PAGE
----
Arun, yes I have deleted the article temporarily, but there's no easy way of switching the output with the PWM unless a full bridge driver circuit is used at the output as shown below:

https://homemade-circuits.com/2014/01/simplest-full-bridge-inverter-circuit.html
biannz said…
sir please it good to get 70HZ out put? cos when i set it to 50hz the more i load the more it going up it not stable,please sir if i want to connect inductor where it should be connect ,sir can this circuit handle 24v dc batt and how to connect it thank you sir.
Swagatam said…
one filter circuit is shown in the following circuit you can try it out:

https://homemade-circuits.com/2013/10/modified-sine-wave-inverter-circuit.html

for the low battery cut off you can try the folowing design:

4.bp.blogspot.com/-r70Wh0qXC78/U18yct62aFI/AAAAAAAAGws/gx2FCQRc5e8/s1600/automatic+battery+charger+circuit.png

use the lower free relay contact(N/O) for connecting with the inverter positive.
Swagatam said…
biannz, 70Hz is not good.
use 7809 IC for supplying the 555/4047 IC positives from the battery.

once you do the above, you can use 24V also without worry. use the 24v battery in the same position where presently the 12V is.
daniel adusei said…
sir

i want to add more fet how do connect 1n4148 diode for example if i want to add 10 most fets every each of them should connect with 1n4148 diode?
Swagatam said…
daniel,

instead of using the mosfet gates for pwm control, it's better to use pin9 of the IC 4047 for applying the pwms, ......do the following:

first disconnect pin9 from ground and connect it to positive via a 10k resistor.

take a BC547 transistor and connect its colector to pin9, emitter to ground and base to pin3 of IC2 (555) via a 10k resistor...diodes are no longer required.

now your mosfet section is free so that you can connect as many of them in parallel.

make sure the gate of each mosfet has its own 100 ohm resistor and also put a 1k resistor across each mosfets gate and source.
daniel adusei said…
ok sir

please im confused sir cos you said should connect to positive i don't understand the word via it is (with) or what? 10k resistor please can you update it for me co what you said confuted me
Swagatam said…
via means "through", meaning the mentioned connections must not be joined directly to the respective points, rather they must be connected in series with the mentioned resistors.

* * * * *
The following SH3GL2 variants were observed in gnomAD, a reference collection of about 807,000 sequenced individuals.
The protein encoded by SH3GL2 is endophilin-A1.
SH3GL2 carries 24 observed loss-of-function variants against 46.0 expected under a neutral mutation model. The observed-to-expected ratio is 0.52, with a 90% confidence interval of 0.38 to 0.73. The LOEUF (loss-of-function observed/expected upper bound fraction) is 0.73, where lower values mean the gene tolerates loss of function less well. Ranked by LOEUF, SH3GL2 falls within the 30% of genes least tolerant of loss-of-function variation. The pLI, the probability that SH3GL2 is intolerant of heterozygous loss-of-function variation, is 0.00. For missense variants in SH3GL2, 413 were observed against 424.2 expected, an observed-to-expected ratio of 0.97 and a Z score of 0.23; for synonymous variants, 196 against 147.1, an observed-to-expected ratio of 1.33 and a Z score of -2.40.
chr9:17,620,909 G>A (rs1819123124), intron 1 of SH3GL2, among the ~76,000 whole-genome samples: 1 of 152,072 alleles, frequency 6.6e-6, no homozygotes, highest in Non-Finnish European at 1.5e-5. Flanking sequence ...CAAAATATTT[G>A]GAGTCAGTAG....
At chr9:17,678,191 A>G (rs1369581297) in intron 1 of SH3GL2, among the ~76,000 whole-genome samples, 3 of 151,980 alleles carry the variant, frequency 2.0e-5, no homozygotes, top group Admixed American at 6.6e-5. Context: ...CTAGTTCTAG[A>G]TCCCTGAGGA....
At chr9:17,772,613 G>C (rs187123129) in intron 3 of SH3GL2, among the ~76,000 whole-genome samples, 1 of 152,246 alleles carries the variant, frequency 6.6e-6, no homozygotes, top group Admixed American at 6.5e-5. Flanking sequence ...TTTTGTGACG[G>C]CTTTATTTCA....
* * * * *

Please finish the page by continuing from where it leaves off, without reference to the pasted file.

if possible i'll make the diagram and update it
daniel adusei said…
ok sir
i did it but it didn't work i don't know maybe wrong connection,please make the diagram and update it for me cos i want to make a bigger to see if this inverter is good for my need thank you sir hope to hear from you son.
Swagatam said…
daniel, I 'll try to update it soon....may be tomorrow.
daniel adusei said…
ok sir

im waiting for it thank you
Swagatam said…
done! please check it out.
daniel adusei said…
thank you sir
it st going to produce same wave form?
Swagatam said…
I hope so, it will need to be confirmed practically
daniel adusei said…
ok sir thank you for your kindness
daniel adusei said…
hi sir
please i finally build this circuit but still big problem i used four fets two at one side and two at other side so total four,if i power the circuit the fets got very hots if i set the frequency to 50HZ it got hot and if set up to 60HZ the same problem i change all the 555 and cd4047 please i now i need your assist thank you.
Swagatam said…
Hi Daniel in that case you can revert to the previous concept and use the PWMs on the mosfet gates.

for adding more mosfets you can use 4049 NOT gates and terminate their outputs with mosfets.

I'll try to update the idea soon...
daniel adusei said…
ok sir
im still waiting for the update thank you
Swagatam said…
daniel you can do the following steps:

we have 6 NOT gates inside a 4049 package

connect the inputs of three NOT gates in parallel meaning join them together, connect this joint to one of the outputs of the 4047 IC VIA A 1K RESISTOR.

Now connect the individual outputs of these gates to three separate mosfets via 100 ohm resistors.

join all the drains of these mosfets to one of the outer taps of the trafo.

Repeat the above procedure for the other three NOT gates and configure them with the other output of the 4047 IC and the trafo tap.

After completing the above you can integrate the PWM input at the junctions of the NOT gates and 1K from the 4047 outputs.
Swagatam said…
don't forget to connect the 4049 supply pins to the supply from the battery otherwise the IC will not work
daniel adusei said…
sir
please as im talking to im on it but it didn't work maybe the connections are wrong connected sir i tried to send you the diagram but we are having a problem with our network so please can you try to update it for me?thank you.
daniel adusei said…
sir please i did as you said but it didn't work i think the corrections are wrong connected so can you please update it thank you looking forward to hear from you .
Swagatam said…
daniel, please draw the schematic as per my previous instructions and send it to me, I'll check it for you and confirm its accuracy or make the necessary corrections in there are faults.
daniel adusei said…
sir please im still waiting for the update please sir you promised to update we are still waiting for it thank you.
Swagatam said…
daniel, please draw the schematic as per my previous instructions and send it to me, I'll check it for you and confirm its accuracy or make the necessary corrections in there are faults.

here are the instructions:

we have 6 NOT gates inside a 4049 package